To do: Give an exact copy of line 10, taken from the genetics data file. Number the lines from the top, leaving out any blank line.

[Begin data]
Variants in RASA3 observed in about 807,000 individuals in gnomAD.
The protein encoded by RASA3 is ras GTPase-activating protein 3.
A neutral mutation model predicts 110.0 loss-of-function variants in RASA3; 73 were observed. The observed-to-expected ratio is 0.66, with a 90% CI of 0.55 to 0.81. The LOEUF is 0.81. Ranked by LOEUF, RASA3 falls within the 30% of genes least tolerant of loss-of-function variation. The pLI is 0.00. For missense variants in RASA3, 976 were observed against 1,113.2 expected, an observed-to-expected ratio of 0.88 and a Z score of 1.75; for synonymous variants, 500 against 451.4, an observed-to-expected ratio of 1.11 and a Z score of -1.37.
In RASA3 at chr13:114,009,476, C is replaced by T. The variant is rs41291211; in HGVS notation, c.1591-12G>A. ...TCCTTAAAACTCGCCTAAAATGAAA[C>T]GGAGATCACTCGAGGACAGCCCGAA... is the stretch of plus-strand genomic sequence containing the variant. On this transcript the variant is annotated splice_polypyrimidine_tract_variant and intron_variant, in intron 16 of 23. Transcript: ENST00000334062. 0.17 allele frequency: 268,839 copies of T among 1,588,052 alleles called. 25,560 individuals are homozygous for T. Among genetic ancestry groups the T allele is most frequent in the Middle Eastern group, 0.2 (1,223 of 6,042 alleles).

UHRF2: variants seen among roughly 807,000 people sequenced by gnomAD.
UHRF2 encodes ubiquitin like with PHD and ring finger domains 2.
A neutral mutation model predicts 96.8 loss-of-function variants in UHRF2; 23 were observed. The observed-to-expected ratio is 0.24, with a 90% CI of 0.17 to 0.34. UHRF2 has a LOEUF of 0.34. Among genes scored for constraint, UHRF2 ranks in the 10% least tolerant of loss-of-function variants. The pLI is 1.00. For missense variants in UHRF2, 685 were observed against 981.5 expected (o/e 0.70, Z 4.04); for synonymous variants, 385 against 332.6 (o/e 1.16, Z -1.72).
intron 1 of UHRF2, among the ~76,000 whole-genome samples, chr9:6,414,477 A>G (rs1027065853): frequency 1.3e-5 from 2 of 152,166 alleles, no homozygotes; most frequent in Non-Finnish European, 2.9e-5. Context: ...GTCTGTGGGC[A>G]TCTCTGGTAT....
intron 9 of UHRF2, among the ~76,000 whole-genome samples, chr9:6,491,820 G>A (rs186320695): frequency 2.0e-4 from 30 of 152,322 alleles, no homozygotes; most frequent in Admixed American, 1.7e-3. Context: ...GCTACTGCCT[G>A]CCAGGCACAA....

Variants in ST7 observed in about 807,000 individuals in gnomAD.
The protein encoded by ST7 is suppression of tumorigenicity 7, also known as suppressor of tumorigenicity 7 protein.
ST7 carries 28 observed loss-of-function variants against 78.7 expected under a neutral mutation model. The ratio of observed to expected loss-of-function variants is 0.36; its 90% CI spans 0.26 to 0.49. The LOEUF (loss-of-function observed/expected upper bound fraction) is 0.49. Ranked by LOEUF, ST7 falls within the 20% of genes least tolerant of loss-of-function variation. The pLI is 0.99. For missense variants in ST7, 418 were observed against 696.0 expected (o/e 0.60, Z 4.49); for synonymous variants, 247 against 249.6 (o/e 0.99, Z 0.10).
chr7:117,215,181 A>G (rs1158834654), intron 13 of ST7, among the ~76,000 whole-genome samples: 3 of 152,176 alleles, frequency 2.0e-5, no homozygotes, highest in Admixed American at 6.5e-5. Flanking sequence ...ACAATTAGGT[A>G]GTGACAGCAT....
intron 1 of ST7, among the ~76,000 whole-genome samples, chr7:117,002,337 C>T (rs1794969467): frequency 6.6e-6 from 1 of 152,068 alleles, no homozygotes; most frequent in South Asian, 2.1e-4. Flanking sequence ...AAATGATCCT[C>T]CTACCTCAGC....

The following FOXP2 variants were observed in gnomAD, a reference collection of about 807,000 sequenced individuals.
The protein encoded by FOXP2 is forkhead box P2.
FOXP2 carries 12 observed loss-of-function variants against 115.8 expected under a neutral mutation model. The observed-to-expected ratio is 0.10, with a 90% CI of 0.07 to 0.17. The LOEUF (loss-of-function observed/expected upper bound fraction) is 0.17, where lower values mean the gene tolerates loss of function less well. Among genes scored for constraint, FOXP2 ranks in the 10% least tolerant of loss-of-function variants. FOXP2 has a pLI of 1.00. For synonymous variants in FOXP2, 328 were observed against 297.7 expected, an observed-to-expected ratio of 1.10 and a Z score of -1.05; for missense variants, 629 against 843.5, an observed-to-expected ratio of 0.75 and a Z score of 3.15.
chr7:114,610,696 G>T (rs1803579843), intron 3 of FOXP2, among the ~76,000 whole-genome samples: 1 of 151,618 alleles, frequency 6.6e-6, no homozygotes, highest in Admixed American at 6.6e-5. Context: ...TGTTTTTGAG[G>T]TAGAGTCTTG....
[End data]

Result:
Variants in ST7 observed in about 807,000 individuals in gnomAD.